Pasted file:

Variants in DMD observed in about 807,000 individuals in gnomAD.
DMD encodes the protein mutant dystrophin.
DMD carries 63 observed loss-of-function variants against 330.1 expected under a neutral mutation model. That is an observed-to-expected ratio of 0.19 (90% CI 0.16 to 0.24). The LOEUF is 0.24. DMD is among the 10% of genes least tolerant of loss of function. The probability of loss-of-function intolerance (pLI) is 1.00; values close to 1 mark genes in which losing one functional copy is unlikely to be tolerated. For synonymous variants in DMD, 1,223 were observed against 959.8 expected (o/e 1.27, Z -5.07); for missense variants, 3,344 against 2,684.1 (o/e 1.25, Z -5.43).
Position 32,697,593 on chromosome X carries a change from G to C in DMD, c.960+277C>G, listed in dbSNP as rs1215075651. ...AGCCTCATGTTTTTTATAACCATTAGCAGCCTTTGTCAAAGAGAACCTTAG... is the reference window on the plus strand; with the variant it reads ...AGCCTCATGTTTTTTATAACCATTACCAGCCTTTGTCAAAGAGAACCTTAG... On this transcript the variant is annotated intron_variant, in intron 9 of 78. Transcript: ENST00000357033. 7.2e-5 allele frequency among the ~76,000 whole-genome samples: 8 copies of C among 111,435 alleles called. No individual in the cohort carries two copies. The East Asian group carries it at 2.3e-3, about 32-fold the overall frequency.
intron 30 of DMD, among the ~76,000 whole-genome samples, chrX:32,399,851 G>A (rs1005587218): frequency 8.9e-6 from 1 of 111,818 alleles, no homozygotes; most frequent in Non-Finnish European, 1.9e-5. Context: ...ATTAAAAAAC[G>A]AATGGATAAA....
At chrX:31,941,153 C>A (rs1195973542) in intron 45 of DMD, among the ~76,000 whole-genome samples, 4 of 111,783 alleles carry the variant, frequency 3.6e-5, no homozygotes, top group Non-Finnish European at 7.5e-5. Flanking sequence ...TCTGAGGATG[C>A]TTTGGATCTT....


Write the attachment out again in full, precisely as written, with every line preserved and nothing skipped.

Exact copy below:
Variants in DMD observed in about 807,000 individuals in gnomAD.
DMD encodes the protein mutant dystrophin.
DMD carries 63 observed loss-of-function variants against 330.1 expected under a neutral mutation model. That is an observed-to-expected ratio of 0.19 (90% CI 0.16 to 0.24). The LOEUF is 0.24. DMD is among the 10% of genes least tolerant of loss of function. The probability of loss-of-function intolerance (pLI) is 1.00; values close to 1 mark genes in which losing one functional copy is unlikely to be tolerated. For synonymous variants in DMD, 1,223 were observed against 959.8 expected (o/e 1.27, Z -5.07); for missense variants, 3,344 against 2,684.1 (o/e 1.25, Z -5.43).
Position 32,697,593 on chromosome X carries a change from G to C in DMD, c.960+277C>G, listed in dbSNP as rs1215075651. ...AGCCTCATGTTTTTTATAACCATTAGCAGCCTTTGTCAAAGAGAACCTTAG... is the reference window on the plus strand; with the variant it reads ...AGCCTCATGTTTTTTATAACCATTACCAGCCTTTGTCAAAGAGAACCTTAG... On this transcript the variant is annotated intron_variant, in intron 9 of 78. Transcript: ENST00000357033. 7.2e-5 allele frequency among the ~76,000 whole-genome samples: 8 copies of C among 111,435 alleles called. No individual in the cohort carries two copies. The East Asian group carries it at 2.3e-3, about 32-fold the overall frequency.
intron 30 of DMD, among the ~76,000 whole-genome samples, chrX:32,399,851 G>A (rs1005587218): frequency 8.9e-6 from 1 of 111,818 alleles, no homozygotes; most frequent in Non-Finnish European, 1.9e-5. Context: ...ATTAAAAAAC[G>A]AATGGATAAA....
At chrX:31,941,153 C>A (rs1195973542) in intron 45 of DMD, among the ~76,000 whole-genome samples, 4 of 111,783 alleles carry the variant, frequency 3.6e-5, no homozygotes, top group Non-Finnish European at 7.5e-5. Flanking sequence ...TCTGAGGATG[C>A]TTTGGATCTT....